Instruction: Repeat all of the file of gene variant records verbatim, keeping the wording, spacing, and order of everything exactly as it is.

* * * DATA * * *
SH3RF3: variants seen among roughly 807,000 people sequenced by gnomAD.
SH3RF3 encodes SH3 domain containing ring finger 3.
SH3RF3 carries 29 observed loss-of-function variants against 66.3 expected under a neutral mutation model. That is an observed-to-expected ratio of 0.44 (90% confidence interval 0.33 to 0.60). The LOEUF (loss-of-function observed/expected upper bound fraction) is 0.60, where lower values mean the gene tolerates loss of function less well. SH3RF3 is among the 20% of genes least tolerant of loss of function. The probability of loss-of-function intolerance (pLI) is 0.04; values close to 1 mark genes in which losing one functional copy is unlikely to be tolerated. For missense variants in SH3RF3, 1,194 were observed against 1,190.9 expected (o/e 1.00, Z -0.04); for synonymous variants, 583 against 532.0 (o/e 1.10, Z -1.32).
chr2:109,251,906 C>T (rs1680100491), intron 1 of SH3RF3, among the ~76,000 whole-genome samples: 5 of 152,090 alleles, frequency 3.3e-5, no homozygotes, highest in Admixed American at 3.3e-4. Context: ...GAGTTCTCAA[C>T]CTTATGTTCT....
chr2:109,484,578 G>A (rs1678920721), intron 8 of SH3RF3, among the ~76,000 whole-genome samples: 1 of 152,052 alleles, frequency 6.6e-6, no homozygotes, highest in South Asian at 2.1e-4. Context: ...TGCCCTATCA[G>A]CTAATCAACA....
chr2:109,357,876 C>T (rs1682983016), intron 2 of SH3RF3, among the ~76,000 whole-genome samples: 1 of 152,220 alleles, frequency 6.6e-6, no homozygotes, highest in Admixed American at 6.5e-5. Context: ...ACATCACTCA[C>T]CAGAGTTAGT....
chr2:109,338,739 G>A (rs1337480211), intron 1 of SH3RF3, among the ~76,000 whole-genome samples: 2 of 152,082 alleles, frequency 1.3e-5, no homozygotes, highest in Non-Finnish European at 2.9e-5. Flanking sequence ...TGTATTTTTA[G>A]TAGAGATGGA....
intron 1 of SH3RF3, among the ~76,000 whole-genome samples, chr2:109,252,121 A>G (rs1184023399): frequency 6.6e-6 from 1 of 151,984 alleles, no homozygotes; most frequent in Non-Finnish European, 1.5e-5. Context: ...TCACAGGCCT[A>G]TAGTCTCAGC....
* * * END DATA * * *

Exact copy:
SH3RF3: variants seen among roughly 807,000 people sequenced by gnomAD.
SH3RF3 encodes SH3 domain containing ring finger 3.
SH3RF3 carries 29 observed loss-of-function variants against 66.3 expected under a neutral mutation model. That is an observed-to-expected ratio of 0.44 (90% confidence interval 0.33 to 0.60). The LOEUF (loss-of-function observed/expected upper bound fraction) is 0.60, where lower values mean the gene tolerates loss of function less well. SH3RF3 is among the 20% of genes least tolerant of loss of function. The probability of loss-of-function intolerance (pLI) is 0.04; values close to 1 mark genes in which losing one functional copy is unlikely to be tolerated. For missense variants in SH3RF3, 1,194 were observed against 1,190.9 expected (o/e 1.00, Z -0.04); for synonymous variants, 583 against 532.0 (o/e 1.10, Z -1.32).
chr2:109,251,906 C>T (rs1680100491), intron 1 of SH3RF3, among the ~76,000 whole-genome samples: 5 of 152,090 alleles, frequency 3.3e-5, no homozygotes, highest in Admixed American at 3.3e-4. Context: ...GAGTTCTCAA[C>T]CTTATGTTCT....
chr2:109,484,578 G>A (rs1678920721), intron 8 of SH3RF3, among the ~76,000 whole-genome samples: 1 of 152,052 alleles, frequency 6.6e-6, no homozygotes, highest in South Asian at 2.1e-4. Context: ...TGCCCTATCA[G>A]CTAATCAACA....
chr2:109,357,876 C>T (rs1682983016), intron 2 of SH3RF3, among the ~76,000 whole-genome samples: 1 of 152,220 alleles, frequency 6.6e-6, no homozygotes, highest in Admixed American at 6.5e-5. Context: ...ACATCACTCA[C>T]CAGAGTTAGT....
chr2:109,338,739 G>A (rs1337480211), intron 1 of SH3RF3, among the ~76,000 whole-genome samples: 2 of 152,082 alleles, frequency 1.3e-5, no homozygotes, highest in Non-Finnish European at 2.9e-5. Flanking sequence ...TGTATTTTTA[G>A]TAGAGATGGA....
intron 1 of SH3RF3, among the ~76,000 whole-genome samples, chr2:109,252,121 A>G (rs1184023399): frequency 6.6e-6 from 1 of 151,984 alleles, no homozygotes; most frequent in Non-Finnish European, 1.5e-5. Context: ...TCACAGGCCT[A>G]TAGTCTCAGC....